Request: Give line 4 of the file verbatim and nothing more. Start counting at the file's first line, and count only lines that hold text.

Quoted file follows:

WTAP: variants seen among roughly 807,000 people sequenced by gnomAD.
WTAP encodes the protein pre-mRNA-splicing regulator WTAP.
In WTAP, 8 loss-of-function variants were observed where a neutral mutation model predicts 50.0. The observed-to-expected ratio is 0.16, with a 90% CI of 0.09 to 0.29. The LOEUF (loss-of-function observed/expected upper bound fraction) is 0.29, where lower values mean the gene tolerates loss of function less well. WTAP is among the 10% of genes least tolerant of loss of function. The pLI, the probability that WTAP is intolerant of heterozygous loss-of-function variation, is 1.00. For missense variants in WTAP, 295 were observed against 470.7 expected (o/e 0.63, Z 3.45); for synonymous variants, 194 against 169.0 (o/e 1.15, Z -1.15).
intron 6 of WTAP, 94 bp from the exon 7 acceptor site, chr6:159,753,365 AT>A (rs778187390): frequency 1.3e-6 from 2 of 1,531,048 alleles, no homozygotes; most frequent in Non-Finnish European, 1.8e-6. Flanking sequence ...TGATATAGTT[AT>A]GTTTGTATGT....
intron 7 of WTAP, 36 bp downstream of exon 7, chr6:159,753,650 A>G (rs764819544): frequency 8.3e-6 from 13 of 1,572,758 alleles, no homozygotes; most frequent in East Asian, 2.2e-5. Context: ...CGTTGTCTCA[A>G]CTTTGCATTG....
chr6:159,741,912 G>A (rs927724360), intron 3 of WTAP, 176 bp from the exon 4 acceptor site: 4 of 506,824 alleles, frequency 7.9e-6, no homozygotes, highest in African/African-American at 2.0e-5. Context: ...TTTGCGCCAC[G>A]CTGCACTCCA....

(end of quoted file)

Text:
intron 6 of WTAP, 94 bp from the exon 7 acceptor site, chr6:159,753,365 AT>A (rs778187390): frequency 1.3e-6 from 2 of 1,531,048 alleles, no homozygotes; most frequent in Non-Finnish European, 1.8e-6. Flanking sequence ...TGATATAGTT[AT>A]GTTTGTATGT....